DES MOINES (AP) — More than 1,500 civilian military employees in Iowa could be furloughed if the federal government fails to reach a deal this week to avert across-the-board spending cuts, a Pentagon spokeswoman said Tuesday.
Army Lt. Col. Elizabeth Robbins, a spokeswoman for the Defense Department, said the federal government could save some $7.7 million by furloughing the 1,540 civilian employees in the state. Those furloughs would likely mean the employees would have one unpaid day off a week, which would represent a 20 percent pay cut, Robbins said.
Col. Greg Hapgood, spokesman for the Iowa National Guard, said that should the budget cuts go into effect, the Guard may try to save money by deferring spending on maintenance or travel.
“People are concerned about what the next half of fiscal year will bring. Readiness is what our organization is all about,” Hapgood said.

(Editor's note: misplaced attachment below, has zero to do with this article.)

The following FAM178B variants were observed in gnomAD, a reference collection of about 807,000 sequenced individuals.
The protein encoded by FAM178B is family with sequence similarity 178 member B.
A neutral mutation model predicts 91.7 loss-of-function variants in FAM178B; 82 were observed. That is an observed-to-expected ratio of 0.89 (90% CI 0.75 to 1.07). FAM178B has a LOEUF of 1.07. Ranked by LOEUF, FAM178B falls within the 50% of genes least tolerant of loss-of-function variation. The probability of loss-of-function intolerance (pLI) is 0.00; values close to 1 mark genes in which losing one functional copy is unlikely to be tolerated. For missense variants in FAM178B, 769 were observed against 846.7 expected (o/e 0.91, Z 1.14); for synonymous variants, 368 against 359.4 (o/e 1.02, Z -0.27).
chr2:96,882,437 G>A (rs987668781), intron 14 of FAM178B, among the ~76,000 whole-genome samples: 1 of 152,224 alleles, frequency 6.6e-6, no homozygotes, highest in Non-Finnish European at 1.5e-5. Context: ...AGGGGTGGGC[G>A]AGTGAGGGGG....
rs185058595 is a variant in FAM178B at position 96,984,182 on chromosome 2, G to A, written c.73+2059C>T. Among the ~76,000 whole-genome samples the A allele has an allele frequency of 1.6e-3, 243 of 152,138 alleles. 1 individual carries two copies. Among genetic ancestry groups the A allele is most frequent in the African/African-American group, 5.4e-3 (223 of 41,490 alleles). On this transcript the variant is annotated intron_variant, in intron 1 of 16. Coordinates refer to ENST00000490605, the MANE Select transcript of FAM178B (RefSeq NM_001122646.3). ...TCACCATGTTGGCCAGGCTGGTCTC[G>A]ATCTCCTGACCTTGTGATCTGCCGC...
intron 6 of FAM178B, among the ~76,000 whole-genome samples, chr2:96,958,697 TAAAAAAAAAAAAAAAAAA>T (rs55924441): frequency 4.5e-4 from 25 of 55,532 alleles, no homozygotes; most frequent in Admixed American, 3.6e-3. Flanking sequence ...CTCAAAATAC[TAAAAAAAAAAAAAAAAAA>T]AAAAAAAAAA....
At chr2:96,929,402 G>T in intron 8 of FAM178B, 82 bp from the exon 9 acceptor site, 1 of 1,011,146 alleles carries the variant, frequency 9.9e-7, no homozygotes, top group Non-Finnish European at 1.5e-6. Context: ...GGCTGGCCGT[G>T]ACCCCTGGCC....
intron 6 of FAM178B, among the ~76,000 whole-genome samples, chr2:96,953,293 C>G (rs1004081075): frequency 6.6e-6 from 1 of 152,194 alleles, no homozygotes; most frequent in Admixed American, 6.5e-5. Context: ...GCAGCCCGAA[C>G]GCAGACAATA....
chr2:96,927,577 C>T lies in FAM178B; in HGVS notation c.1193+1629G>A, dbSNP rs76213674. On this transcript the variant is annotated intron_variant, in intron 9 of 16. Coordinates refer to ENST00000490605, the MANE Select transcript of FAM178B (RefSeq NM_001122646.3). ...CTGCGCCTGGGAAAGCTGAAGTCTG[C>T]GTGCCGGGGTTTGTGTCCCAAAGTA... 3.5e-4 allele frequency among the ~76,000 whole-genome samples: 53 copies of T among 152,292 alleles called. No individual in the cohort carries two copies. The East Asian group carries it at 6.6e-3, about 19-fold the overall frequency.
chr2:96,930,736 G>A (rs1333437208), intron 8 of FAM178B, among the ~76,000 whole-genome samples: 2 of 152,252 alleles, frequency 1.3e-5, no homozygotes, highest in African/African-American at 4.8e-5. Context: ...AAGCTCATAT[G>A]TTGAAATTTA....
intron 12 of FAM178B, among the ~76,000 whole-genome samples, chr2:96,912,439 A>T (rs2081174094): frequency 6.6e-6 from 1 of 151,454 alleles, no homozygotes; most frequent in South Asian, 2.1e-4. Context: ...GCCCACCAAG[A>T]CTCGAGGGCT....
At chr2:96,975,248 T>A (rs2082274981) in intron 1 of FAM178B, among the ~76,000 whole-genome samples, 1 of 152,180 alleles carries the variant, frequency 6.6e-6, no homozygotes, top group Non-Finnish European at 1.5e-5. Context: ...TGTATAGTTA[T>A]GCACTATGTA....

Gov. Terry Branstad said in an interview Tuesday that the possibility of defense cuts concerns him for the military presence and contractors in the state. Iowa has about 218 active-duty military personnel and more than 12,000 in the National Guard and Reserve, Robbins said.
Branstad noted that military contractor and private airlines parts manufacturer Rockwell Collins, based in Cedar Rapids, could be hurt financially if there are defense cuts.
Without action in Washington, $85 billion in cuts are set to take effect nationally March 1 through September. That could mean lost funding for the state National Guard, as well as other military functions in the state such as recruiters, engineers and support staff.
“I'm worried about national defense. It takes the biggest hit,” Branstad said.
Other budget areas that could be impacted in Iowa are education and workforce development, according to Department of Management Director David Roederer. He said agencies were still trying to figure out how the cuts would be handled.
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